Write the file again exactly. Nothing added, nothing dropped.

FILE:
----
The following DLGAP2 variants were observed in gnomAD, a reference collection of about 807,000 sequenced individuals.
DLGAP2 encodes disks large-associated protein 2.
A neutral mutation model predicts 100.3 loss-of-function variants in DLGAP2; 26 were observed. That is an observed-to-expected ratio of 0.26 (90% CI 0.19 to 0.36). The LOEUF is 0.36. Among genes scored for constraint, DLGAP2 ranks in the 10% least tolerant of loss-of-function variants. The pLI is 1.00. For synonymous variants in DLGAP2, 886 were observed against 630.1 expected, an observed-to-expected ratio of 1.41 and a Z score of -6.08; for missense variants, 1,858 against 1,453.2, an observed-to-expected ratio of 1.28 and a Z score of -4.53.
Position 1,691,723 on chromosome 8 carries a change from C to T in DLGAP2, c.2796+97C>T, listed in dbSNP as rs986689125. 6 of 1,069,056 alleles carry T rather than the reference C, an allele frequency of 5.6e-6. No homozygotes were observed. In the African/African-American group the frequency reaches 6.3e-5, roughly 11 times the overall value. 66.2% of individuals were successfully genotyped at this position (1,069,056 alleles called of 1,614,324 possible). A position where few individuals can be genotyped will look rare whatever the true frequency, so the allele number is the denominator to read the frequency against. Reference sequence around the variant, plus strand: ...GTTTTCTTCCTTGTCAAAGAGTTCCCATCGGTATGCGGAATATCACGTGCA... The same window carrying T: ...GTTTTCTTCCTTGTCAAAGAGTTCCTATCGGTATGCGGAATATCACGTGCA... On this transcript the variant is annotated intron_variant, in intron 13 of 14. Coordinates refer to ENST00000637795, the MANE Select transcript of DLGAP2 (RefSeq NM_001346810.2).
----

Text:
The following DLGAP2 variants were observed in gnomAD, a reference collection of about 807,000 sequenced individuals.
DLGAP2 encodes disks large-associated protein 2.
A neutral mutation model predicts 100.3 loss-of-function variants in DLGAP2; 26 were observed. That is an observed-to-expected ratio of 0.26 (90% CI 0.19 to 0.36). The LOEUF is 0.36. Among genes scored for constraint, DLGAP2 ranks in the 10% least tolerant of loss-of-function variants. The pLI is 1.00. For synonymous variants in DLGAP2, 886 were observed against 630.1 expected, an observed-to-expected ratio of 1.41 and a Z score of -6.08; for missense variants, 1,858 against 1,453.2, an observed-to-expected ratio of 1.28 and a Z score of -4.53.
Position 1,691,723 on chromosome 8 carries a change from C to T in DLGAP2, c.2796+97C>T, listed in dbSNP as rs986689125. 6 of 1,069,056 alleles carry T rather than the reference C, an allele frequency of 5.6e-6. No homozygotes were observed. In the African/African-American group the frequency reaches 6.3e-5, roughly 11 times the overall value. 66.2% of individuals were successfully genotyped at this position (1,069,056 alleles called of 1,614,324 possible). A position where few individuals can be genotyped will look rare whatever the true frequency, so the allele number is the denominator to read the frequency against. Reference sequence around the variant, plus strand: ...GTTTTCTTCCTTGTCAAAGAGTTCCCATCGGTATGCGGAATATCACGTGCA... The same window carrying T: ...GTTTTCTTCCTTGTCAAAGAGTTCCTATCGGTATGCGGAATATCACGTGCA... On this transcript the variant is annotated intron_variant, in intron 13 of 14. Coordinates refer to ENST00000637795, the MANE Select transcript of DLGAP2 (RefSeq NM_001346810.2).